Big K.R.I.T. won’t apologize for what he’s about to do. Dressed in all black with a small gold Jesus-piece draped around his neck, K.R.I.T. places a gold and diamond-encrusted crown atop his head while at White Diamond Imaging studios in Atlanta.
The crown served as more than a wardrobe prop, it was a visual centerpiece to K.R.I.T.’s ambitious declaration. The Meridian, Mississippi, native now believes that he is the true “King of the South.”
But while any rapper could proclaim himself “King,” hip-hop fans must decide if it fits the emcee who hopes to wear the crown. Hours after he donned the gold crown for this edition’s cover, a capacity crowd filled The Masquerade concert hall in Atlanta to witness K.R.I.T. perform the last show of his Pay Attention tour.
After Big K.R.I.T. performed, concertgoers had their say. Once the music stopped, nearly 2,000 fans chanted “King of the South” repeatedly in unison.
Indeed, it was a defining moment that proved Big K.R.I.T. may have legitimate reasoning for proclaiming himself the new wearer of the crown.
Unless you have been totally oblivious to hip-hop in the last 15 years, it’s widely known that T.I. has claimed the “King of the South” moniker. Big K.R.I.T. doesn’t intend to step on any toes, but he believes that this is his time to sit on the throne.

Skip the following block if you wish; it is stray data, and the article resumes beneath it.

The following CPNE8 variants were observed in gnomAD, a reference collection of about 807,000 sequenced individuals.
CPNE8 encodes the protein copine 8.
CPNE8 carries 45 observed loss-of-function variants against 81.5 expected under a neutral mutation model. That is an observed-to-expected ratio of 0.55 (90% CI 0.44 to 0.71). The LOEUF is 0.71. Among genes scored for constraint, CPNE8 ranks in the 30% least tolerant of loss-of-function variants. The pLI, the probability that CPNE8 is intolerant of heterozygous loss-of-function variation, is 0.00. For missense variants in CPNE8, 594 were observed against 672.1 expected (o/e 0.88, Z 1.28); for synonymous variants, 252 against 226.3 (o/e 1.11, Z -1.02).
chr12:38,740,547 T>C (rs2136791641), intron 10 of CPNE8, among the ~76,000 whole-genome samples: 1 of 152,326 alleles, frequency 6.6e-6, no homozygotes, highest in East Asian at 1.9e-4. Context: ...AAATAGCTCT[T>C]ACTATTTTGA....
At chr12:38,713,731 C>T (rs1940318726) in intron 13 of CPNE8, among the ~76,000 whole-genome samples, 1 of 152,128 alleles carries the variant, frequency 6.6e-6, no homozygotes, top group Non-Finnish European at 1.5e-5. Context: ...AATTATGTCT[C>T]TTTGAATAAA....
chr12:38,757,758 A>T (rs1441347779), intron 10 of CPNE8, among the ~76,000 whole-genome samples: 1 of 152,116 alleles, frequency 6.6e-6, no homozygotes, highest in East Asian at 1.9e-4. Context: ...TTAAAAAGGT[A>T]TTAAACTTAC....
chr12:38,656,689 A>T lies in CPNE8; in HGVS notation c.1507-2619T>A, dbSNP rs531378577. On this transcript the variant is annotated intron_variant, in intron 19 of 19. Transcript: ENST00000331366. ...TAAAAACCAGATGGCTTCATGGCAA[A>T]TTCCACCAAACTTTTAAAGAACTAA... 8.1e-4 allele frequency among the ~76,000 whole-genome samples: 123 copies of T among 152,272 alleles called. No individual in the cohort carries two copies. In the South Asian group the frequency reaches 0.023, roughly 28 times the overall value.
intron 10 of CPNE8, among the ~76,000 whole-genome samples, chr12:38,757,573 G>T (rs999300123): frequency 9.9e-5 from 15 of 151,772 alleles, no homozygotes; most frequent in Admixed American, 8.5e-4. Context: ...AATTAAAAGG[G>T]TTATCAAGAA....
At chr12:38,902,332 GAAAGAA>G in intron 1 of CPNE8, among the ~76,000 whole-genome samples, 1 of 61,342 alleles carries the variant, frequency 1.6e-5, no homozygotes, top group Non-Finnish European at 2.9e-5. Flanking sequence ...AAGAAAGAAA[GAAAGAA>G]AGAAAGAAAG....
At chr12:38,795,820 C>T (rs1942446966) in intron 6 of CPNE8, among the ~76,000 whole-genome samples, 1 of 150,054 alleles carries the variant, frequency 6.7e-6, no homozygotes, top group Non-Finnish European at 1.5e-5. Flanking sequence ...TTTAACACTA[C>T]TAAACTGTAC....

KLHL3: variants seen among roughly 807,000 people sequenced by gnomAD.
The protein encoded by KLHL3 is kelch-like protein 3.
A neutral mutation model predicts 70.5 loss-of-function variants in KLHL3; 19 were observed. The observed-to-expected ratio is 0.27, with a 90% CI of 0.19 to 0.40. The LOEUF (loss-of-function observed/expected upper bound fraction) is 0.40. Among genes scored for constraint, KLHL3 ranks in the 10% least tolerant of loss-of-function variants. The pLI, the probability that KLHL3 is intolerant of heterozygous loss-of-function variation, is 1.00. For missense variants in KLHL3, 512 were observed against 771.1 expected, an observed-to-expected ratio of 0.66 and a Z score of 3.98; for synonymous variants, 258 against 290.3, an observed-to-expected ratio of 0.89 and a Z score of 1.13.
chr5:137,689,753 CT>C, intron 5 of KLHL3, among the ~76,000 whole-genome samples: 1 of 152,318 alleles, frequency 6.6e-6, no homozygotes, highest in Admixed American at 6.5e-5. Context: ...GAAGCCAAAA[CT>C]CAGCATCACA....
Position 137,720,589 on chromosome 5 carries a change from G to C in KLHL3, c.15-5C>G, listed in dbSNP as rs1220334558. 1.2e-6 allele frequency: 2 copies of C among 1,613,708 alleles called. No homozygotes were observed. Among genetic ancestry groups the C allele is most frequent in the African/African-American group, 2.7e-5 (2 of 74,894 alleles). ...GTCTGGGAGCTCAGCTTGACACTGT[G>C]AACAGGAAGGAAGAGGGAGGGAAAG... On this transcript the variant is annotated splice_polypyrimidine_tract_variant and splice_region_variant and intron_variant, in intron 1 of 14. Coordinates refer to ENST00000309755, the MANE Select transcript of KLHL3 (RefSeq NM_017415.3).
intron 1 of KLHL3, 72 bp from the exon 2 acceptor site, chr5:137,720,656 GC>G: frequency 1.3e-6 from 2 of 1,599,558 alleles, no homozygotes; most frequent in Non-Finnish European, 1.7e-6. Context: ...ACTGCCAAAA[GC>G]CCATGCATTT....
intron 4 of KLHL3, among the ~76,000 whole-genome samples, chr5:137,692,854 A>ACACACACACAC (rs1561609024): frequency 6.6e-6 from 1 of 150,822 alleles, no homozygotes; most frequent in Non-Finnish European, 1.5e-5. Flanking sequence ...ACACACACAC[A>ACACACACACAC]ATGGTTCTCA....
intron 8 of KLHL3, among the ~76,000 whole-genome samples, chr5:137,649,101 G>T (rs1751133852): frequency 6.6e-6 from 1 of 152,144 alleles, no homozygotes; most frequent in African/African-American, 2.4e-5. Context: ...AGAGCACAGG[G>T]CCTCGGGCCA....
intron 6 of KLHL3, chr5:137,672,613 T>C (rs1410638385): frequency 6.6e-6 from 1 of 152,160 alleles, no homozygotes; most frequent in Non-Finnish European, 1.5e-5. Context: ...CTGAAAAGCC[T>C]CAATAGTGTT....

“Coming off of ‘Mt Olympus,’ that was my mind[set],” Big K.R.I.T. said of his decision to proclaim himself “King of the South.” “It was me taking it a step further. It was understanding and feeling that I’m confident in the music I make now and what I’m going to a be doing later on and the quality. Especially on Cadillcactica. I created the planet, why wouldn’t I be the ‘King of the South’? For me, that’s just the beginning of my reign and what I’m trying to do musically. I let everybody know it’s not me trying to step on any OG’s toes and be pitted against anybody. I’m supposed to feel that way. My rap name K.R.I.T. means King Remembered in Time. So people have always called me a king. But now is the time for me to step up and take it further.”
From a lyrical standpoint, Big K.R.I.T. can face off with any rapper of his generation. But to become a true King of the South, he must garner overall respect from the region and remain consistent, like Southern greats such as OutKast, UGK, Scarface, 8 Ball & MJG, Goodie Mob and T.I. He must represent Southern culture while making his vision more accessible to those who’ve never traveled below the Mason-Dixon Line.
“I have to keep making timeless music,” K.R.I.T. says. “Music is the only language that everybody speaks. Before I got in this position, it was always about the music. Just because I got that title [King of the South], that’s just me believing in myself as a man and musician. Everybody should feel like they are a king or a queen at what they do. For me, it’s about putting out the kind of music that heals people, still inspires people to follow their dreams. Getting out in this community and doing as much as I possibly can. Because in the beginning, you’re on the road and touring because you’re trying to get the buzz and get people aware. But I’m at a point where I’m like, let’s just give back and make sure I give other people the opportunity in this music game and let’s spread the love because it’s plenty of it out here.”
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